Dear Jewish Fairy Godmother:
I’ve been in my job for twenty-five years. I am ready to retire. My
timing has lots of meaning for my personal life. It’s not so good for the
company. But after decades of being a workaholic I am finally ready to
put myself first. I do not want to constantly have to defend that
decision. How can I retire gracefully, and not undercut all the effort
I’ve put into being a model employee. Advice?
Headed for the Exit
You sound like you’ve served your time and made your big decision.
But there’s lots of smaller ones in the wake of your pronouncement.
One big question: Do you expect to walk away and never speak to
anyone again? And some smaller ones: Are you willing to help out the
colleagues you’re leaving by answering questions? Do you expect to be
paid for your time and advice? Do you care what would happen if you’d
ever bump into your former boss at a concert or the supermarket?
Write your letter of resignation with strong themes of appreciation for
the years you’ve worked there, acknowledgement of how the company
has grown and changed, and sense of confidence in your colleagues
who’ll be taking over your duties. It’s fine to include some chest
thumping about your accomplishments, and even some carefully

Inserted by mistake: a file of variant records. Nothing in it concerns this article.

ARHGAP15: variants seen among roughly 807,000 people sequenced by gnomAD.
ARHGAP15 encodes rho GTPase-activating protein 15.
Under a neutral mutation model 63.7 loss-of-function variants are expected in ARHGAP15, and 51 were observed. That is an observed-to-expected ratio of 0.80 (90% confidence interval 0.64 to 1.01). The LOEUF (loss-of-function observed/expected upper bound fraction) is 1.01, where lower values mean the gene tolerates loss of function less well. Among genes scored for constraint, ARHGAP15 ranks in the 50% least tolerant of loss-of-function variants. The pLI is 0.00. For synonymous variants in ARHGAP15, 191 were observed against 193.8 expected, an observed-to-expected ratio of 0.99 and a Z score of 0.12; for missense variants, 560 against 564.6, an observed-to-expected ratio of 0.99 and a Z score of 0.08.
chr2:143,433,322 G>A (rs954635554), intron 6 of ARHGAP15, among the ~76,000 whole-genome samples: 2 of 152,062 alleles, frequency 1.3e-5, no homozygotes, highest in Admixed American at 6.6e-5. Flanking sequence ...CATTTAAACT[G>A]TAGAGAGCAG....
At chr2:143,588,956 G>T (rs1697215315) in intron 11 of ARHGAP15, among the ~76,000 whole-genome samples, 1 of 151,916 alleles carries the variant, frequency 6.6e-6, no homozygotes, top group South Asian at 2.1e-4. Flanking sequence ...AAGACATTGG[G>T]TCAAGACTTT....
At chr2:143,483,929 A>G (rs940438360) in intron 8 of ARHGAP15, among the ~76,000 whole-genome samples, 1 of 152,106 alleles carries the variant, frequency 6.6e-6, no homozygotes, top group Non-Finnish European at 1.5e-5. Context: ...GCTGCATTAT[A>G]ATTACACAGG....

worded suggestions about the challenges the firm is facing and ideas
about how to respond to them. Say that your timing is a function of
personal reasons, and not subject to change….. So please don’t ask
me to change my mind or exit date. But add that if the firm wants to
develop a consulting relationship with you for the transition you’ll be
happy to discuss that, subject to your personal plans and goals. Focus
your inner and outer dialogues on the future.
Also, try to avoid getting
sucked into conversations with disgruntled colleagues who’re going to
be living under the ongoing regime without you. Also know that from
the moment you give an exit date you will inexorably change from
“one of us” to “outsider,” a status that you should quietly embrace,
because you’re getting what you most want: your freedom.